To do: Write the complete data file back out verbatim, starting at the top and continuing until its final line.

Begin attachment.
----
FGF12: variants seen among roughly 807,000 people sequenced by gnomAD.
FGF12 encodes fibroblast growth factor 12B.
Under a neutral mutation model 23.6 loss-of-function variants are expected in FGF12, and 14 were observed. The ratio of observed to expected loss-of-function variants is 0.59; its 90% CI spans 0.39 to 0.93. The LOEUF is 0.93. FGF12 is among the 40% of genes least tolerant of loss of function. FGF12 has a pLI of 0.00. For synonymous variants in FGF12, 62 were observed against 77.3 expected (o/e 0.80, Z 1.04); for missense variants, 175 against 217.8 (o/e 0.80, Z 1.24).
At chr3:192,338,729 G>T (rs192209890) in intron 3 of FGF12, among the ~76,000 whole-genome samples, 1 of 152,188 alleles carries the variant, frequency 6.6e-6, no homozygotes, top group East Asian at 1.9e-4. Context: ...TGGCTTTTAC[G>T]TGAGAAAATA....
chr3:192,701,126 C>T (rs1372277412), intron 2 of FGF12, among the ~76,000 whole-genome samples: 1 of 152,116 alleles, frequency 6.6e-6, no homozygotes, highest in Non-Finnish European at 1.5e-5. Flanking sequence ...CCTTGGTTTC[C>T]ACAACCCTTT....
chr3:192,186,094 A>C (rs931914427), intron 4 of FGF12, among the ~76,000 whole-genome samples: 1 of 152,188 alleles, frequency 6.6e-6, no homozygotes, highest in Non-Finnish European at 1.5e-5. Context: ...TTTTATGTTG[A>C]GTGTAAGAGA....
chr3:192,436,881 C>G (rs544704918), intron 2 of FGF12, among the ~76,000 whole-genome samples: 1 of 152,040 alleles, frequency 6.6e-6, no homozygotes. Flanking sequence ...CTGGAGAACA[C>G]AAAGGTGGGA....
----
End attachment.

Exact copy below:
FGF12: variants seen among roughly 807,000 people sequenced by gnomAD.
FGF12 encodes fibroblast growth factor 12B.
Under a neutral mutation model 23.6 loss-of-function variants are expected in FGF12, and 14 were observed. The ratio of observed to expected loss-of-function variants is 0.59; its 90% CI spans 0.39 to 0.93. The LOEUF is 0.93. FGF12 is among the 40% of genes least tolerant of loss of function. FGF12 has a pLI of 0.00. For synonymous variants in FGF12, 62 were observed against 77.3 expected (o/e 0.80, Z 1.04); for missense variants, 175 against 217.8 (o/e 0.80, Z 1.24).
At chr3:192,338,729 G>T (rs192209890) in intron 3 of FGF12, among the ~76,000 whole-genome samples, 1 of 152,188 alleles carries the variant, frequency 6.6e-6, no homozygotes, top group East Asian at 1.9e-4. Context: ...TGGCTTTTAC[G>T]TGAGAAAATA....
chr3:192,701,126 C>T (rs1372277412), intron 2 of FGF12, among the ~76,000 whole-genome samples: 1 of 152,116 alleles, frequency 6.6e-6, no homozygotes, highest in Non-Finnish European at 1.5e-5. Flanking sequence ...CCTTGGTTTC[C>T]ACAACCCTTT....
chr3:192,186,094 A>C (rs931914427), intron 4 of FGF12, among the ~76,000 whole-genome samples: 1 of 152,188 alleles, frequency 6.6e-6, no homozygotes, highest in Non-Finnish European at 1.5e-5. Context: ...TTTTATGTTG[A>C]GTGTAAGAGA....
chr3:192,436,881 C>G (rs544704918), intron 2 of FGF12, among the ~76,000 whole-genome samples: 1 of 152,040 alleles, frequency 6.6e-6, no homozygotes. Flanking sequence ...CTGGAGAACA[C>G]AAAGGTGGGA....